I read a book about temperature. We stop at specific points in the book to have the kids discuss what they are learning. I give them 20 seconds to think and then time for each partner to share their ideas. This encourages the use of scientific vocabulary and rich discussion at an appropriate level for kinder.

After we finish reading the book, I call on three kids to share something new they've learned from listening to the text. The kids are picked at random by me pulling a name stick from a name stick can. This allows the kids to hear a variety of learning from the same experience. It helps the kids learn from each other. 

Once we are finished sharing, I have the kids go back to their tables one at a time and re-check the temperatures in the cups. I also have the table leaders go outside to get their "in the sun" water cups. They check the temperature and then they go get the "in the shade" cups and re-check the temp. I have them do it one at a time so they don't confuse the cups.

All the students complete their recording sheets and then meet on the carpet. They share their findings with their floor partners and point out similarities and differences. As a whole class, we discuss whether 1 or 2 degrees is a significant difference or if that's okay. I leave it up to them. 

I then make a recording sheet on chart paper and record all the tables information so we can compare all the data. We find that most of the temperatures are within 2 degrees of each other, which could be just how we read the thermometer. 

We then discuss how the ice water and the shaded water have the lowest temperatures and talk about why that would be. We repeat that for the warm water and the direct sun water. 

Evaluate

10 minutes

The evaluation is done in the science journals. The kids are asked to draw a picture of the experiment and write about what they did and what the results were. They have the option to attach their recording sheet or take it home. The only rule is that they are required to use the data from it to write their entry. I set a timer for 10 minutes because it encourages them to use the time wisely.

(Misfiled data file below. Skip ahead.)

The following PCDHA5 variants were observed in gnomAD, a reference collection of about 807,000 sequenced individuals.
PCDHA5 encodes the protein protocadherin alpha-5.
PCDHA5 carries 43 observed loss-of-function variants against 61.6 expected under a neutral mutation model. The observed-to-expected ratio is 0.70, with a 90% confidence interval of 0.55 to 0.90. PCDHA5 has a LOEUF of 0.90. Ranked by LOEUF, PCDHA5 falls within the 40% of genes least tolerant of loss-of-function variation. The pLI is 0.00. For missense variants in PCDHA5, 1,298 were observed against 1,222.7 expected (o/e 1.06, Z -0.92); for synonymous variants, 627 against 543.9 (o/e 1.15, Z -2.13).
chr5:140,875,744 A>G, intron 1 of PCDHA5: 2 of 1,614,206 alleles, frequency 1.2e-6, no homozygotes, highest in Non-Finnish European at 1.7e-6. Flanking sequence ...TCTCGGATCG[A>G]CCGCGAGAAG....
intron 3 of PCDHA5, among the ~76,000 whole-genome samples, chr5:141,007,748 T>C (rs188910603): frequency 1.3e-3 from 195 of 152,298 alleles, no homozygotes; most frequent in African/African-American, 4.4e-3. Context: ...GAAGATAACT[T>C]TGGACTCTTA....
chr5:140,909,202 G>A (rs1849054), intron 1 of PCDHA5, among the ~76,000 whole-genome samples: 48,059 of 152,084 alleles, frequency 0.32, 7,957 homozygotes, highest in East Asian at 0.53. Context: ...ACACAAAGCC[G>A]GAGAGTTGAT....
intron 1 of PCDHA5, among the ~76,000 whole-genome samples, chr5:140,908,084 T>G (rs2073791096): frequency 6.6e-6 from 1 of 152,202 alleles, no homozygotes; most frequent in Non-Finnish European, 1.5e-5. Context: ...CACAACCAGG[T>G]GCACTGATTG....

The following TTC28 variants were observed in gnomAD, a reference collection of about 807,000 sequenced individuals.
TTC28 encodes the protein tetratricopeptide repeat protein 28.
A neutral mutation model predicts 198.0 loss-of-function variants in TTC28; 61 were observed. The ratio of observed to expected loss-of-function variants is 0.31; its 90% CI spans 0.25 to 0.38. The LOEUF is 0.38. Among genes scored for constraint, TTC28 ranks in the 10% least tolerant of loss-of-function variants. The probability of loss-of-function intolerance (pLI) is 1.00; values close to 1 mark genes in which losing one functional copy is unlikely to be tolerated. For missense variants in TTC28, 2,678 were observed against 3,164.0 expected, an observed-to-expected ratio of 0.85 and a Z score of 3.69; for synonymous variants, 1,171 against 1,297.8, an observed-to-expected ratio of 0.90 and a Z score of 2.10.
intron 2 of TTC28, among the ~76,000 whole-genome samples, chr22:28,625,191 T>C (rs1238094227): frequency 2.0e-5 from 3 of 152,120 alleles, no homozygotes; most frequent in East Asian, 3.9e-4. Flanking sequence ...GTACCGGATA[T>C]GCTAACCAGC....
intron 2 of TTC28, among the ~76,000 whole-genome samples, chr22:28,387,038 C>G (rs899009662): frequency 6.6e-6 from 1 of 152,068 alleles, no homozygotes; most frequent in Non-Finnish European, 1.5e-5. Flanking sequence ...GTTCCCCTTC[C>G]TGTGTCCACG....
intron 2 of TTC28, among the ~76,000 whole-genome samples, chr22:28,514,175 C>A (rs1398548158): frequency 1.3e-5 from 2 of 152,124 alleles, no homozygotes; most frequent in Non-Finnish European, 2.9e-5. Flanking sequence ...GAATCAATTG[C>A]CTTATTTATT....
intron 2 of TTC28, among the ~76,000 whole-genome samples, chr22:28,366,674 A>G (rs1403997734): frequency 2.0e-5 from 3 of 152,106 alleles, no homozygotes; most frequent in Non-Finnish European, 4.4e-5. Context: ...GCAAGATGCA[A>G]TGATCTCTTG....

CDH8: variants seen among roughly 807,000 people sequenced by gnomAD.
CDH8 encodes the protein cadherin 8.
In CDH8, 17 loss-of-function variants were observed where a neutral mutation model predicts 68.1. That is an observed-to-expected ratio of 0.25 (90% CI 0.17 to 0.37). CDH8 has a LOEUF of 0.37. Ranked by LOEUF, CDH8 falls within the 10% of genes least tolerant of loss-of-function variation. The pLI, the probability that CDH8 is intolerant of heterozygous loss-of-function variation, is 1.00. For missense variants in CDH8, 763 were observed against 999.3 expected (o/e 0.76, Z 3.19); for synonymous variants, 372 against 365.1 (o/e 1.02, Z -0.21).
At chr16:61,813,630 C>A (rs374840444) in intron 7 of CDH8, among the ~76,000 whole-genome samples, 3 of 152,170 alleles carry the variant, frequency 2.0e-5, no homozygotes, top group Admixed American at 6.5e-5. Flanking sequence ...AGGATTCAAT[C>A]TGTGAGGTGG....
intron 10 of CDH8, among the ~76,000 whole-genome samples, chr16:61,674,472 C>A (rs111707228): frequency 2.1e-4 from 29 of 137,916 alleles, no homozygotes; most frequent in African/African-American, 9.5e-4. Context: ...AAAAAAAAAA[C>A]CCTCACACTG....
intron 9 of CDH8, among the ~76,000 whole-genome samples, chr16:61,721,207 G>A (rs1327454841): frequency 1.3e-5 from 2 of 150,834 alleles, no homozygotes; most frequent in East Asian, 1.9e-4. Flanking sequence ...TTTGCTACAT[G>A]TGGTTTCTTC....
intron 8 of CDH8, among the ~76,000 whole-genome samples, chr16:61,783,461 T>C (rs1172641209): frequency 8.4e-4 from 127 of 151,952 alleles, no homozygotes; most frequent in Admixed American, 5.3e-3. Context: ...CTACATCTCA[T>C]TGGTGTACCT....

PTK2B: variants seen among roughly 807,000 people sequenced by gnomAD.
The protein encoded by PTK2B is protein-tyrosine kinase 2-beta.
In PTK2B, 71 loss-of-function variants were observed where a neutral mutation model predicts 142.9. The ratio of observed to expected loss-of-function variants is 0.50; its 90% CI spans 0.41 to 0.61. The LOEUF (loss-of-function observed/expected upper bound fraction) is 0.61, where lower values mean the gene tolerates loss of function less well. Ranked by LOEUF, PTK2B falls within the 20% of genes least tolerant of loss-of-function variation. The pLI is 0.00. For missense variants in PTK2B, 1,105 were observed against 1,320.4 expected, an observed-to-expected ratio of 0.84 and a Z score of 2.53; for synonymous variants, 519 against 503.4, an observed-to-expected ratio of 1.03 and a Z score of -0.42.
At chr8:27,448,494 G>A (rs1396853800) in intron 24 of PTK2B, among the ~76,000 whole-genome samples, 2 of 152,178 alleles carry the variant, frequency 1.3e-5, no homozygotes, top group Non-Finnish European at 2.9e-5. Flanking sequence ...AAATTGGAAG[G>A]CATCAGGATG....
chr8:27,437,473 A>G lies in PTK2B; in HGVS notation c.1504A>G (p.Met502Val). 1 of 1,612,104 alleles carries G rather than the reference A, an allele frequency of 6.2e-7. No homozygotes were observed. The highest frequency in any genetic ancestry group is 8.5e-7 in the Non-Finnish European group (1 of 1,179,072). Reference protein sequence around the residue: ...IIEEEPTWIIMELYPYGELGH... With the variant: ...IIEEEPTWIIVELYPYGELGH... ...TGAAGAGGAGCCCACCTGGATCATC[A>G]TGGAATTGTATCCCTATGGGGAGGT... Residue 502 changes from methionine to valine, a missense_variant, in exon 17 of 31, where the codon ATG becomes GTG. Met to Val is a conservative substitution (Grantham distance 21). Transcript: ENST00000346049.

I write a sample entry on chart paper. They can use the data from my entry, but they may not copy the entire thing as most of them can write fairly well at this point in the year. 

When everyone is finished with their journal entry, we meet back on the floor with our journals and share what we wrote with our floor partner. 

I call on three random kids to take the teacher chair and share their work one at a time with the whole class. The rest of the kids are encouraged ask questions for clarification. This promotes strong discourse among the kids.

Extend

10 minutes
The extension of this lesson is a take home reader. We practice it together before it goes home. The reader mimics our core reading program readers so the kids read them fairly well. They also serve as a home-school connection for science. 
  1. The kids track with their finger as the I read the text. They only use their eyes to connect to the text; they do not read yet.
  2. The kids read with me as I read the text and they track the words with their finger.
  3. The kids read out loud as they track the words with their finger.
  4. The kids turn to their floor partner and take turns reading the pages of the mini-book.

By the time the kids have heard and read the mini-book four times, they are prepared to take them home and read them with their families.